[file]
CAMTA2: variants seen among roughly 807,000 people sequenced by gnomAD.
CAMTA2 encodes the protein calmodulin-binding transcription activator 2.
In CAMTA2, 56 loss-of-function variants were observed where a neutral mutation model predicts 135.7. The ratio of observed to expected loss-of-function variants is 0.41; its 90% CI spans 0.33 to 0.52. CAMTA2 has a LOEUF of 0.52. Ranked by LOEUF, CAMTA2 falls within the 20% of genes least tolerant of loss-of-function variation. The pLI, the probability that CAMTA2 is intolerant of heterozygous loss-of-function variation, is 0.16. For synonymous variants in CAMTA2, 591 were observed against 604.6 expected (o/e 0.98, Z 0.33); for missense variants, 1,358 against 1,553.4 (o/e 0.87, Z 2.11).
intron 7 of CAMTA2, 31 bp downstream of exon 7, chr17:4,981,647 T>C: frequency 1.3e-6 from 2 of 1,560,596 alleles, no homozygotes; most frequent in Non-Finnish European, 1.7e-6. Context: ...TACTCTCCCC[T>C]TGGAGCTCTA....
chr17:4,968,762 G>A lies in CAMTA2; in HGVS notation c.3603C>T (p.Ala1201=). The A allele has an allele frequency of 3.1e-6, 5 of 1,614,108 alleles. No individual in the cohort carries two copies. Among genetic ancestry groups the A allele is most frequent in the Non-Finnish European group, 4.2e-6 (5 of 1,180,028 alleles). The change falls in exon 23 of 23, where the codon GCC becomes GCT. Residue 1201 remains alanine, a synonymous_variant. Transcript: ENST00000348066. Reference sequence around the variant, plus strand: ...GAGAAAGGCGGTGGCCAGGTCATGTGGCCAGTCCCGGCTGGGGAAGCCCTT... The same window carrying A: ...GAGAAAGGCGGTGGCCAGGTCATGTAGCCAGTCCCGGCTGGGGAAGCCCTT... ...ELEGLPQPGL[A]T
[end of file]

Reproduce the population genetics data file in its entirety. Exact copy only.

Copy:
CAMTA2: variants seen among roughly 807,000 people sequenced by gnomAD.
CAMTA2 encodes the protein calmodulin-binding transcription activator 2.
In CAMTA2, 56 loss-of-function variants were observed where a neutral mutation model predicts 135.7. The ratio of observed to expected loss-of-function variants is 0.41; its 90% CI spans 0.33 to 0.52. CAMTA2 has a LOEUF of 0.52. Ranked by LOEUF, CAMTA2 falls within the 20% of genes least tolerant of loss-of-function variation. The pLI, the probability that CAMTA2 is intolerant of heterozygous loss-of-function variation, is 0.16. For synonymous variants in CAMTA2, 591 were observed against 604.6 expected (o/e 0.98, Z 0.33); for missense variants, 1,358 against 1,553.4 (o/e 0.87, Z 2.11).
intron 7 of CAMTA2, 31 bp downstream of exon 7, chr17:4,981,647 T>C: frequency 1.3e-6 from 2 of 1,560,596 alleles, no homozygotes; most frequent in Non-Finnish European, 1.7e-6. Context: ...TACTCTCCCC[T>C]TGGAGCTCTA....
chr17:4,968,762 G>A lies in CAMTA2; in HGVS notation c.3603C>T (p.Ala1201=). The A allele has an allele frequency of 3.1e-6, 5 of 1,614,108 alleles. No individual in the cohort carries two copies. Among genetic ancestry groups the A allele is most frequent in the Non-Finnish European group, 4.2e-6 (5 of 1,180,028 alleles). The change falls in exon 23 of 23, where the codon GCC becomes GCT. Residue 1201 remains alanine, a synonymous_variant. Transcript: ENST00000348066. Reference sequence around the variant, plus strand: ...GAGAAAGGCGGTGGCCAGGTCATGTGGCCAGTCCCGGCTGGGGAAGCCCTT... The same window carrying A: ...GAGAAAGGCGGTGGCCAGGTCATGTAGCCAGTCCCGGCTGGGGAAGCCCTT... ...ELEGLPQPGL[A]T